Rehabilitation of the Fisheries Port in Berbera, Somaliland

The Environmental Impact Assessment (EIA) was commissioned by the Food and Agriculture Organization (FAO) of the United Nations through its FAO Somalia Office in Nairobi, Kenya (FAO SO). The Berbera Fisheries Port rehabilitation project forms part of a wider project co-financed by the FAO and the Kingdom of Norway that aims to plan and rehabilitate the fish landing sites at the four major ports of Somaliland as part of a wider fisheries programme aimed at creating appropriate market conditions for fisheries and improving the nation’s nutrition.

The fishing port of Berbera, Somaliland, is currently used solely by small artisanal fishing boats as the basin is silted up following years of sediment shifting due to the action of the monsoons. The project aims to dredge the basin to -5 m water depth to allow the larger fishing vessels to gain access to the shore facilities. A later stage of the project will also create a deepwater quay, slipway and lifting facilities, workshops and processing areas. The entire project is part of a wider vision to facilitate and enhance the community’s economic prosperity and allowing the fishing industry in the area to grow.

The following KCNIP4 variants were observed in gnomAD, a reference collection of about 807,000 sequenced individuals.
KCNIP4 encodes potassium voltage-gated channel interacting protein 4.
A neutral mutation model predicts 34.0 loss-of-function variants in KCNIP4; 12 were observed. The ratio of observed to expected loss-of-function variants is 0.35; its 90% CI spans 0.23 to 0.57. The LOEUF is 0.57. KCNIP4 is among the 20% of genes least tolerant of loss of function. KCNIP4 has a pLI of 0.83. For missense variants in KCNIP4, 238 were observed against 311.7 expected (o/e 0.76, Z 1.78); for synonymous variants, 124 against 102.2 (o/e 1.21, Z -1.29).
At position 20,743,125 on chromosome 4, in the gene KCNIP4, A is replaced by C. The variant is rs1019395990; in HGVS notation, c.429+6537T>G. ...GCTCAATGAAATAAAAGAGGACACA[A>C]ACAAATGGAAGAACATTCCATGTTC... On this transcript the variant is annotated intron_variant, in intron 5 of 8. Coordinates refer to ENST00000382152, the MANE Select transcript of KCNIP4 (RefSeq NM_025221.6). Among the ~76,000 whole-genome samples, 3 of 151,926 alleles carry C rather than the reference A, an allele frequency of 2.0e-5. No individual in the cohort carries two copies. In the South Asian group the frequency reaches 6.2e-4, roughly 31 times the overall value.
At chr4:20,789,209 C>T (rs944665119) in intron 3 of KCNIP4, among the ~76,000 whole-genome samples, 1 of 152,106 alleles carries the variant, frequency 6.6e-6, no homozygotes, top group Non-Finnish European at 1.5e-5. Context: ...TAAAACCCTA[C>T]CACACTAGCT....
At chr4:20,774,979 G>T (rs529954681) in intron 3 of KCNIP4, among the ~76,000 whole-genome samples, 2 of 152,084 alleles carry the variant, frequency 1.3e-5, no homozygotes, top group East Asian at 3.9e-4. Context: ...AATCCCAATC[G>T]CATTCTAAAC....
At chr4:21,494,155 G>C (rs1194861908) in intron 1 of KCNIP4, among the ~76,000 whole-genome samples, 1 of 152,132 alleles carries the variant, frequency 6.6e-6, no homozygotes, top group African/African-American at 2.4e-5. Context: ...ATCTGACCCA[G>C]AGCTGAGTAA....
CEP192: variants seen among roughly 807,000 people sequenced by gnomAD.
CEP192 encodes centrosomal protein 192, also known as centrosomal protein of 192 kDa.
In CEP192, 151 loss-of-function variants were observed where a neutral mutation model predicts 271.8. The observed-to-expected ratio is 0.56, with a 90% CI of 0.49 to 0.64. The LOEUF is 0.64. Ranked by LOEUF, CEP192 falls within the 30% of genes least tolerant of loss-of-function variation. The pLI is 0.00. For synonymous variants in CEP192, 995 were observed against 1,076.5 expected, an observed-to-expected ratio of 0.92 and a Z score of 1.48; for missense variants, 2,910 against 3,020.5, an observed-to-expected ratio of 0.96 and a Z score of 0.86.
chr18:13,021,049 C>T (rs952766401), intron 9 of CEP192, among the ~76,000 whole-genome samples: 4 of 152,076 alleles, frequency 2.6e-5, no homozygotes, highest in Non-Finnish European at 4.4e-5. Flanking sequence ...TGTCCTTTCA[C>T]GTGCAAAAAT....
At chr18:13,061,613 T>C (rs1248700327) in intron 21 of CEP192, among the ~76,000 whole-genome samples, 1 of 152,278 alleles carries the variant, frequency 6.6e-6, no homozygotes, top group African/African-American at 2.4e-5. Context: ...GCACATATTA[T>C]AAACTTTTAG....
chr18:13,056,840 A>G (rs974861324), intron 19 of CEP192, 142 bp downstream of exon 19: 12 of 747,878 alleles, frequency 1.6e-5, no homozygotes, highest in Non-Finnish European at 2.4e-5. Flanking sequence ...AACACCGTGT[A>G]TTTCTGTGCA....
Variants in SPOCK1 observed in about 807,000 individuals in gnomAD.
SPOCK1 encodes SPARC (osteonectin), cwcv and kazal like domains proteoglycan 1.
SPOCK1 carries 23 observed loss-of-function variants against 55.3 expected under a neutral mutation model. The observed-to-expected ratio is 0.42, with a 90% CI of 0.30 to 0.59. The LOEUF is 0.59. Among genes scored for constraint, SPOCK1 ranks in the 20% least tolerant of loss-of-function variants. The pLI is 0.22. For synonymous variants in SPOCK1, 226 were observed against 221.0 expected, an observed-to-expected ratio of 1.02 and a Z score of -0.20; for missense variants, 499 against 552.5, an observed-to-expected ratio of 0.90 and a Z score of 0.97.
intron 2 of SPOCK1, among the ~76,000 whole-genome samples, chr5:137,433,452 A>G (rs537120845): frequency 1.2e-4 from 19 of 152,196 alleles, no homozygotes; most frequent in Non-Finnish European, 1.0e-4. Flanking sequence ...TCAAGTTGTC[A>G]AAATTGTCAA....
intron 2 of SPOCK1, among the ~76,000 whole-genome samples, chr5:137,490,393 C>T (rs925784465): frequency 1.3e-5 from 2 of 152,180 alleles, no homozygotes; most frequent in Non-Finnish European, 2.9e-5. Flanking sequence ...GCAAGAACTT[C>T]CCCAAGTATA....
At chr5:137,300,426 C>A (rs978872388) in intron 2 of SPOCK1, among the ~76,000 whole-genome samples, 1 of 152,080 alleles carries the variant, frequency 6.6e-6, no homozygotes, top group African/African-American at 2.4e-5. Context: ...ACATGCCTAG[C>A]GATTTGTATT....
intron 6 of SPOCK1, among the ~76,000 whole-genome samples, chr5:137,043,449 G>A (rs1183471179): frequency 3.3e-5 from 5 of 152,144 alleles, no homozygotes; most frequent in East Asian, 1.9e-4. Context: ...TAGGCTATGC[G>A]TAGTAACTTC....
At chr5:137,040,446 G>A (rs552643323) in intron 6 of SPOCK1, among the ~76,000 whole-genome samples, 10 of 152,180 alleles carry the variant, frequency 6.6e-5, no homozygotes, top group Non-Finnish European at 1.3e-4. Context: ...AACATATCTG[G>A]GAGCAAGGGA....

The studies included a topographic survey of the port area and its surroundings, noise surveys, a bathymetric survey of the fishing port’s basin, a geotechnical survey, chemical analysis of seabed sediments, a sub-bottom profile survey, and stakeholder consultations.

The EIA findings were important not only in mitigating environmental impacts, but also to source funding for the dredging works. The studies were co-financed by the FAO and the Norwegian Fund. In delivering the assessment, Adi Associates worked closely with the FAO Somalia office in Hargeisa, Somaliland and the municipality of Berbera City. It was assisted in the survey work by a team of Maltese and other international experts.

Client: Food and Agriculture Organization (FAO) of the United Nations

Start / Finish Dates:  January – October 2015

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